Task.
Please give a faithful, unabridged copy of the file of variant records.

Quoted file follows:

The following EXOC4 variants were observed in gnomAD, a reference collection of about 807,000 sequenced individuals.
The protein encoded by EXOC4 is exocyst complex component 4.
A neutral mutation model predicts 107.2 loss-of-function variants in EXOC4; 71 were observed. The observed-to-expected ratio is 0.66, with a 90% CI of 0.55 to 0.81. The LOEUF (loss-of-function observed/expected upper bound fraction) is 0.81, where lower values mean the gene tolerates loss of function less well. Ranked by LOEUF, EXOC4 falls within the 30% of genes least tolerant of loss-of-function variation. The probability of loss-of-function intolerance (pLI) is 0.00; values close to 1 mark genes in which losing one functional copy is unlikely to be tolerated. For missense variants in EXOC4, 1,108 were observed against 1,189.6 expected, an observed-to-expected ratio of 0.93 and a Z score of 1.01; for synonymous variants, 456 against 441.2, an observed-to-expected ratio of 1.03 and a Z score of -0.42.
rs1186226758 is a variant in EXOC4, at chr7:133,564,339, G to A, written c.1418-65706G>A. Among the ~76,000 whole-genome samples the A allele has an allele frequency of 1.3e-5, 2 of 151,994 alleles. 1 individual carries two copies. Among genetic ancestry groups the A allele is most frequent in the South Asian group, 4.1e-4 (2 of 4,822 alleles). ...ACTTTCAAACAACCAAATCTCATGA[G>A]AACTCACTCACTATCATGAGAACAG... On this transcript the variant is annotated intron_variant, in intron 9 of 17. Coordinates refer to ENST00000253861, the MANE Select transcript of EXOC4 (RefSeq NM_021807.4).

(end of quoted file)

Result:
The following EXOC4 variants were observed in gnomAD, a reference collection of about 807,000 sequenced individuals.
The protein encoded by EXOC4 is exocyst complex component 4.
A neutral mutation model predicts 107.2 loss-of-function variants in EXOC4; 71 were observed. The observed-to-expected ratio is 0.66, with a 90% CI of 0.55 to 0.81. The LOEUF (loss-of-function observed/expected upper bound fraction) is 0.81, where lower values mean the gene tolerates loss of function less well. Ranked by LOEUF, EXOC4 falls within the 30% of genes least tolerant of loss-of-function variation. The probability of loss-of-function intolerance (pLI) is 0.00; values close to 1 mark genes in which losing one functional copy is unlikely to be tolerated. For missense variants in EXOC4, 1,108 were observed against 1,189.6 expected, an observed-to-expected ratio of 0.93 and a Z score of 1.01; for synonymous variants, 456 against 441.2, an observed-to-expected ratio of 1.03 and a Z score of -0.42.
rs1186226758 is a variant in EXOC4, at chr7:133,564,339, G to A, written c.1418-65706G>A. Among the ~76,000 whole-genome samples the A allele has an allele frequency of 1.3e-5, 2 of 151,994 alleles. 1 individual carries two copies. Among genetic ancestry groups the A allele is most frequent in the South Asian group, 4.1e-4 (2 of 4,822 alleles). ...ACTTTCAAACAACCAAATCTCATGA[G>A]AACTCACTCACTATCATGAGAACAG... On this transcript the variant is annotated intron_variant, in intron 9 of 17. Coordinates refer to ENST00000253861, the MANE Select transcript of EXOC4 (RefSeq NM_021807.4).